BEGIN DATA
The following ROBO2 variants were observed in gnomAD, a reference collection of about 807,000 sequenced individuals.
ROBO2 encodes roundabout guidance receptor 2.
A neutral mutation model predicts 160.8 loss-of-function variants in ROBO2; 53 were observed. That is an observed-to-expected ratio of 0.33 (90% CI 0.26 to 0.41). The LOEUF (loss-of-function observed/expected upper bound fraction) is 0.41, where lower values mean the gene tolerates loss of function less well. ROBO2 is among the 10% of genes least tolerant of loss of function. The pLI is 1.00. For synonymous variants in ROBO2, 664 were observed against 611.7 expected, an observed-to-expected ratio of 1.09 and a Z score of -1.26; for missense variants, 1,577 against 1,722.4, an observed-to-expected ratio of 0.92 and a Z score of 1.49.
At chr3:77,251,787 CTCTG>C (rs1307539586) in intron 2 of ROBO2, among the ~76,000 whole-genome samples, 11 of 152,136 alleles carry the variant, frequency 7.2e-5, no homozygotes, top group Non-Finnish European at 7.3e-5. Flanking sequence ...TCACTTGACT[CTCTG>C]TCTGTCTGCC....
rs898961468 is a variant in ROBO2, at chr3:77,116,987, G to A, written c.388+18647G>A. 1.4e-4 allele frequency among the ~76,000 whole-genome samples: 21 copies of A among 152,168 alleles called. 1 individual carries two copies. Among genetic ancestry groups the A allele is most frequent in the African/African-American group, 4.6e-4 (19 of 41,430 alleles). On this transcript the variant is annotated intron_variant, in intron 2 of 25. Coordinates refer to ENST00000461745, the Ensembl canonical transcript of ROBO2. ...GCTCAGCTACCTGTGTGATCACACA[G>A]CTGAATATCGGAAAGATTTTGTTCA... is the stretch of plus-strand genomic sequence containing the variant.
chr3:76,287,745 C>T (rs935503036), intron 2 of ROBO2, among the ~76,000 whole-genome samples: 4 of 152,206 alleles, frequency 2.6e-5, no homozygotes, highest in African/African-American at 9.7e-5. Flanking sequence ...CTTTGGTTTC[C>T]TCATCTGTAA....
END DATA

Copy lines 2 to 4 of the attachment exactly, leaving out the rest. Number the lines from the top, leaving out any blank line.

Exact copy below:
ROBO2 encodes roundabout guidance receptor 2.
A neutral mutation model predicts 160.8 loss-of-function variants in ROBO2; 53 were observed. That is an observed-to-expected ratio of 0.33 (90% CI 0.26 to 0.41). The LOEUF (loss-of-function observed/expected upper bound fraction) is 0.41, where lower values mean the gene tolerates loss of function less well. ROBO2 is among the 10% of genes least tolerant of loss of function. The pLI is 1.00. For synonymous variants in ROBO2, 664 were observed against 611.7 expected, an observed-to-expected ratio of 1.09 and a Z score of -1.26; for missense variants, 1,577 against 1,722.4, an observed-to-expected ratio of 0.92 and a Z score of 1.49.
At chr3:77,251,787 CTCTG>C (rs1307539586) in intron 2 of ROBO2, among the ~76,000 whole-genome samples, 11 of 152,136 alleles carry the variant, frequency 7.2e-5, no homozygotes, top group Non-Finnish European at 7.3e-5. Flanking sequence ...TCACTTGACT[CTCTG>C]TCTGTCTGCC....